News and opinion

Four Women's Contribution to Sustainable Oceans

March 6, 2020

This year for International Women’s Day, we’re showcasing some of the women we work with at the MSC. 

Women make up 40% of people working in fishing and processing but are not always represented. Here are four inspiring and interesting women working with the MSC to do their bit to contribute towards ocean sustainability so there is seafood available for future generations.

Anna Vesper Gunnarsson, Fisherwoman in Sweden

Anna with fish on the boat

Anna is a 17th generation fisherwoman. She catches pike perch in Lake Hjälmaren in Sweden; the first freshwater fishery in the world to achieve MSC certification.

This fishery leads the way, demonstrating to other freshwater fisheries how to be sustainable.

Anna is one of many people working around the world, to help us enjoy a future full of fish. She tells us that “as a 17th generation fisher, I want my children and their children to be able to experience this the same way as I have done. That is why the work for sustainable fishing is important to me.”

In a typical day, Anna could be:

• Taking her children to & from school
• Baiting 36 nets & catching approximately 50kg pike-perch 
• Assisting SLU - Swedish University of Agricultural Sciences with pike perch measurements

Since she was young, she has loved being close to the water and nature. She loves “not being able to control the weather, having the mighty wild birds so close, doing physically demanding work and feeling like part of nature.”

On one occasion she tells us “when I was bent over into an ice hole on a beautiful spring day and an osprey came and took a bream just beside my feet - my heart almost stopped.”

Find out more about Anna and her work on Instagram and Facebook.  

Linnéa Engström, MSC Program Director for the Baltic Sea Region & Scandinavia

Linnea speaking with MSC backdrop Linnéa runs the MSC Stockholm office and provides her team with strategic direction, leadership and support to boost engagement, grow sustainable seafood markets and save our oceans.

However her children think she’s “the one preparing the fish fingers that they eat in school - since the blue fish is on the pack!” 

Linnéa used to be a green politician and now that she works for the MSC, “the fishers know me in a very different capacity! We are all now working towards the same goal. It’s a great feeling to step outside of your comfort zone I think.”

In a typical day Linnéa could be:

• Working with scientists, NGOs or retail sustainability managers
• Answering critical questions from journalists 
• Coaching team members 
• Writing articles on sustainable fishing

Linnéa’s home-country is Sweden. Having always lived close to the sea and being a keen swimmer and fisher, Linnea is dedicated to driving changes on the water.  

Find out more about her team’s work:

• MSC in Sweden on Facebook, Instagram and Twitter
• MSC in Denmark on Facebook and Instagram
• MSC in Norway on Facebook and Instagram
• MSC in Finland on Facebook and Instagram

Follow Linnéa on Facebook, Instagram and Twitter.

Sarah Heward, Founder & Director of The Real Food Café, Tyndrum, Scotland

Sarah with a plate of fish and chipsSarah and her team will be celebrating their 15th anniversary of their fish and chip café this year and she’s also training for an Ironman triathlon .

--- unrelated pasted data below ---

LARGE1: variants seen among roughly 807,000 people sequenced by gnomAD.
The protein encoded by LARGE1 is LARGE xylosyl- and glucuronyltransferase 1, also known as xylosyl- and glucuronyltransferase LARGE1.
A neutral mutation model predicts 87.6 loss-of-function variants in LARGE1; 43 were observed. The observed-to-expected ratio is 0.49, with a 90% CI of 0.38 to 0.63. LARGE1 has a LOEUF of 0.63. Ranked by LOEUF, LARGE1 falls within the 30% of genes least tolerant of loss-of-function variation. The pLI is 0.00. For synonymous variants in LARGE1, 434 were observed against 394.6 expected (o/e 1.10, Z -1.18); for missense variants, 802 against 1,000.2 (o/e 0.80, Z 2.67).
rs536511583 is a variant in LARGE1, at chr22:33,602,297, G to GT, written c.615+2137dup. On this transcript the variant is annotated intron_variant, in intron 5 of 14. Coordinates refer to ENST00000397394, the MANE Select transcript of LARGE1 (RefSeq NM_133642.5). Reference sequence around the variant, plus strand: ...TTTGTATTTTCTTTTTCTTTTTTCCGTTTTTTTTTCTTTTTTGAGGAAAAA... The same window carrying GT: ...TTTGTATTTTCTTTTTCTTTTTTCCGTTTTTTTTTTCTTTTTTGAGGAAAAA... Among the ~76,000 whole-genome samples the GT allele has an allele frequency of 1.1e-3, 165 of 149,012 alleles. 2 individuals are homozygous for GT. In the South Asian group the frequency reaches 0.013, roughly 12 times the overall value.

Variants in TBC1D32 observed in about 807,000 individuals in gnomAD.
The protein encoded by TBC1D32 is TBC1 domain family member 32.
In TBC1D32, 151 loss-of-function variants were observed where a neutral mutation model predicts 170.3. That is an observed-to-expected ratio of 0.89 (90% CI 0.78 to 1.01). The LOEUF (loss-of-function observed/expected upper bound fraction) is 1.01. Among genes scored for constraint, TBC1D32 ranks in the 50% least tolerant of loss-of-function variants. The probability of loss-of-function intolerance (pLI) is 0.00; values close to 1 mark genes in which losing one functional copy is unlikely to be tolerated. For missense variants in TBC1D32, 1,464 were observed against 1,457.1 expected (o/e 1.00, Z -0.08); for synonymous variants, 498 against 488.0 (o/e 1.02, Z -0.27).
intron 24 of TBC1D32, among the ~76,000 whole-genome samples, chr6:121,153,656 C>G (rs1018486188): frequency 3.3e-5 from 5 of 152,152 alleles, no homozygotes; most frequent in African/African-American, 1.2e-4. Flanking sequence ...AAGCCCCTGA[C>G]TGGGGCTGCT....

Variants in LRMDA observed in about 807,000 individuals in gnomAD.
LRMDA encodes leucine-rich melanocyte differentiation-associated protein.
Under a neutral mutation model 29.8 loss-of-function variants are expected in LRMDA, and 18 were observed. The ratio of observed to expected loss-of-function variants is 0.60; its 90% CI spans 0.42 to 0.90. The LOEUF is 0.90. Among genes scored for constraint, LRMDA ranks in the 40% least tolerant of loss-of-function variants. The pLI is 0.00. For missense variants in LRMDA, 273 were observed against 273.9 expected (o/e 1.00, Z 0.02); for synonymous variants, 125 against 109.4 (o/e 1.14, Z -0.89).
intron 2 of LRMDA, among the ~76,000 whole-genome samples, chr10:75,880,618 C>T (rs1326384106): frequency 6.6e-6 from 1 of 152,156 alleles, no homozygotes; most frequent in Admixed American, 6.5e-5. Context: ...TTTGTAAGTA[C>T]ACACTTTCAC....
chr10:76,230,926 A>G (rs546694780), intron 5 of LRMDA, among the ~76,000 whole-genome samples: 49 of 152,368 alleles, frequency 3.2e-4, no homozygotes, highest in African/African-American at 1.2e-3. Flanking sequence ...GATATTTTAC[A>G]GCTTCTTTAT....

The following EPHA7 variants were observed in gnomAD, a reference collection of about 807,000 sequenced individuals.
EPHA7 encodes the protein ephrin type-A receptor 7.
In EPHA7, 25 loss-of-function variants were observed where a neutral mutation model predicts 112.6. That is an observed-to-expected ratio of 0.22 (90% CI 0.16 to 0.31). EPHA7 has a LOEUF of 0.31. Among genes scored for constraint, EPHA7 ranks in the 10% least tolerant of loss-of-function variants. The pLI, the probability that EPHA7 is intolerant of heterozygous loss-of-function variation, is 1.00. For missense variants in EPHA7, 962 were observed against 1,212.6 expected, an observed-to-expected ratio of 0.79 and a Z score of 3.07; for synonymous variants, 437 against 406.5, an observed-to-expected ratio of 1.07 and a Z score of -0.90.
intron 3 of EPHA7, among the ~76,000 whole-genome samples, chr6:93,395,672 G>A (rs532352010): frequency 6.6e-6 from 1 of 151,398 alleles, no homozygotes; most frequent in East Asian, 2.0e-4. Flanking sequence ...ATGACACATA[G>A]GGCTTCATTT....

She’s a proud MSC certificate holder as the fish sold with a blue tick in her café is sourced sustainably and can be traced all the way back to the ocean. “I have always been passionate about food provenance, animal welfare and the environment and so joining the MSC Chain of Custody was a ‘no brainer’ because it aligns so well with my values and those of the business.”

Sarah tells us she’s always loved food and cooking. She started her journey in the corporate world in London before deciding starting her own business in the small Scottish village of Tyndrum which she describes as “a very eclectic and cosmopolitan place although it’s remote. People come here from all over the world and from all walks of life on their travels through Highland Scotland.” The cafe serve 250,000 people a year. “We get lots of lost property which include all the normal stuff like hats and gloves but last year also included a set of false teeth and someone’s dog!”

Find out more about Sarah’s café on Facebook, Instagram and Twitter. Follow Sarah on Facebook.

Maria Damanaki, Global Ambassador for Oceans 

Maria manages The Nature Conservancy’s external presence on ocean issues and is a member the Marine Stewardship Council’s Board of Trustees.

Maria head shotMaria was born by the sea, on the Greek island of Crete. She tells us “my first tales of Greek mythology were about the ocean – about the first titan and the strongest son of the earth and the sky. The ocean is in the DNA and my heritage. That inspired my work as a politician, as a European Marine Commissioner who introduced the new fisheries policy, and in my current role with The Nature Conservancy.”

Maria was the youngest-ever Member of Parliament in Greece when first elected in 1977 and was the first woman to lead a political party in Greece in 1990. 

In a typical day, Maria could be: 

• Joining calls with colleagues based all across the world - from the US to Palau 
• Reading up on new research from our strong network of scientists 
• Meeting with partners and donors to think about how we best collaborate for a sustainable ocean

Maria really enjoys “getting to work at the intersection of science and innovation and seeing that work deliver real world policy and market-based solutions. The problems our world faces are solvable – but we need more cross-sectoral collaboration.”

Find out more about The Nature Conservancy on Facebook, Instagram and Twitter. Follow Maria on Twitter.

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